Tuesday, December 9, 2014


     Lebkuchen is a German Christmas treat, somewhat resembling gingerbread.  Lebkuchen often is baked on a thin wafer base and sometimes is formed into all shapes and sizes; although, round is the most common shape.  Traditionally, the cookies are quite large, sometimes measuring 4 1/2 inches in diameter.

     Lebkuchen Hearts are inscribed with icing and are available at many German markets.

     Lebkuchen crafted into fancy shapes sometimes is used as Christmas decorations.

     Lebkuchen ranges in taste from spicy to sweet.  There are many regional variations of Lebkuchen; however, the ingredients usually include honey, spices (such as allspice, aniseed, cardamom, cloves, coriander, and ginger), nuts (including almonds, hazelnuts, and walnuts), and candied fruits.  Typically, it is glazed or covered with very dark chocolate.

     Lebkuchen came to Aachen, Germany from Belgium in the 13th century, where it was baked in Franconian Monasteries.  Lebkuchen bakers were recorded as early as 1296 in Ulm, and 1395 in Nuremberg.

     The seasonings needed to bake Lebkuchen were not available locally and had to be imported.  Because of this, Lebkuchen grew in popularity mainly in larger cities such as Ulm, Nuremberg, Cologne, and Munich that were situated on trade routes from the Orient.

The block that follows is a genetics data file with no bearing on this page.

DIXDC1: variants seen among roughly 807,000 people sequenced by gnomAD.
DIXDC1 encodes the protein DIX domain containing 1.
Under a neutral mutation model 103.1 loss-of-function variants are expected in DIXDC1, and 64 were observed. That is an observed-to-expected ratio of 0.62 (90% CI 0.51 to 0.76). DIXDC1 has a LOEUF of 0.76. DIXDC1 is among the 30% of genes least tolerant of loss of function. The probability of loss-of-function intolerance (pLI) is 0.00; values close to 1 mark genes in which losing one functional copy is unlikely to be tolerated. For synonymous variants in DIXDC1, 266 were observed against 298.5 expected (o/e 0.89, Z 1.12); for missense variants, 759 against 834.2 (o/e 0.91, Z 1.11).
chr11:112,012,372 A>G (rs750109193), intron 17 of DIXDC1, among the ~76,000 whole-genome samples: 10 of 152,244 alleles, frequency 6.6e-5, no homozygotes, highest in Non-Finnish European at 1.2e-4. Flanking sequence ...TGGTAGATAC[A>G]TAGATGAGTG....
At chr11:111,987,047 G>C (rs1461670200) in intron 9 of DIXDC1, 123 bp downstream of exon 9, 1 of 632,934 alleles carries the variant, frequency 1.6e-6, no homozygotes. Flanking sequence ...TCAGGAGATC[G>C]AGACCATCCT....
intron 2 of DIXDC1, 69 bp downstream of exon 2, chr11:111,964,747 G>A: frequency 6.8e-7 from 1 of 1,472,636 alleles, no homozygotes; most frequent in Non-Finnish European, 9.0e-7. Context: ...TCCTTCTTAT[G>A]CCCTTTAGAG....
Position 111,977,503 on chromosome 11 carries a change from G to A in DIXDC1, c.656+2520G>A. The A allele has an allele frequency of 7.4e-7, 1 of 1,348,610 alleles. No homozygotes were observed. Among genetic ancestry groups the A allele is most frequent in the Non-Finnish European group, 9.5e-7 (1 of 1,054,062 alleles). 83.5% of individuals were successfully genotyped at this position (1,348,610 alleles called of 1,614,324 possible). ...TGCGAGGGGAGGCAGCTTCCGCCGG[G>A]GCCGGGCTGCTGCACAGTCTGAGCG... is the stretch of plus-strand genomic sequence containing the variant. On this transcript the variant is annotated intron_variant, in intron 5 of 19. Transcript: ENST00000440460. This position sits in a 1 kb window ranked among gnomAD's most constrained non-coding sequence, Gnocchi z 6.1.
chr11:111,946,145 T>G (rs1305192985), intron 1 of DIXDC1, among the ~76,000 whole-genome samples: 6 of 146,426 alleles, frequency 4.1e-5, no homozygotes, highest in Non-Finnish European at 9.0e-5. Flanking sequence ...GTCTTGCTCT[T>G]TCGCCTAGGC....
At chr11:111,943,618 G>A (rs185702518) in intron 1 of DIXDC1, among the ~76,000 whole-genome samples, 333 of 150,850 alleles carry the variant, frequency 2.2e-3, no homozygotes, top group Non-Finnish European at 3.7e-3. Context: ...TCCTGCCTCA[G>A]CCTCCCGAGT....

In 1643, Nuremberg created the "League of Lebkuchen-Bakers."  In 1645, the league created strict guidelines that commercial bakers had to follow in order to sell their Lebkuchen.

     Nürnberger Lebkuchen is the most well-known worldwide.  This Lebkuchen from Nuremberg is baked on a thin wafer and is known for its light, soft texture.

I baked Lebkuchen today.

Here is the recipe I used:


1 cup honey
3/4 cup dark brown sugar
1 egg
4 tablespoons lemon juice, divided
2 cups flour
1/2 teaspoon baking soda
1/4 teaspoon salt
1 tablespoon allspice
1/2 cup golden raisins
1/2 cup finely chopped almonds
1/4 cup finely chopped candied orange peel
1/4 cup finely chopped candied lemon peel
1 tablespoon grated lemon zest
2 tablespoons milk
32 whole blanched almonds, toasted
1 1/2 cups powdered sugar
1 teaspoon vanilla

Heat honey and brown sugar over low heat, stirring constantly, until sugar dissolves and mixture is thin.  Transfer mixture to a large bowl.  Add egg and
1 tablespoon lemon juice; mix well.

In a small bowl, sift together flour, baking soda, salt, and allspice.  Add to wet ingredients 1/2 cup at a time; mix well after each addition.

Combine raisins, chopped almonds, candied peels, and lemon zest.  Add to dough mixture, and stir until all ingredients are combined.

Cover with plastic wrap, and refrigerate overnight.

Preheat oven to 350 degrees F.

Line two 9-inch square pans with heavy-duty aluminum foil.  Butter foil in pans. Divide dough in half; press evenly into pans.  Brush surface with milk.  Bake for 25-30 minutes.

While warm, score each pan into 16 squares; press a whole almond into the center of each square.  Combine powdered sugar, vanilla, and remaining
3 tablespoons lemon juice; brush evenly over bars.

Let cool completely before cutting.  Store in tightly covered tin.  Do not store in plastic bags.

Yield:  32 bars

Note that for this recipe I used the Candied Orange Peel and the Candied Lemon Peel I made!  :)

You can find the original version of this recipe here.

     German Food Guide
     A Cookie for Every Country

Linked to:
   Tasty Tuesdays
   Titus 2 Tuesday
   Fun Food Friday

1 comment:

  1. Wow looks delicious! Thanks for linking up to #tastytuesdays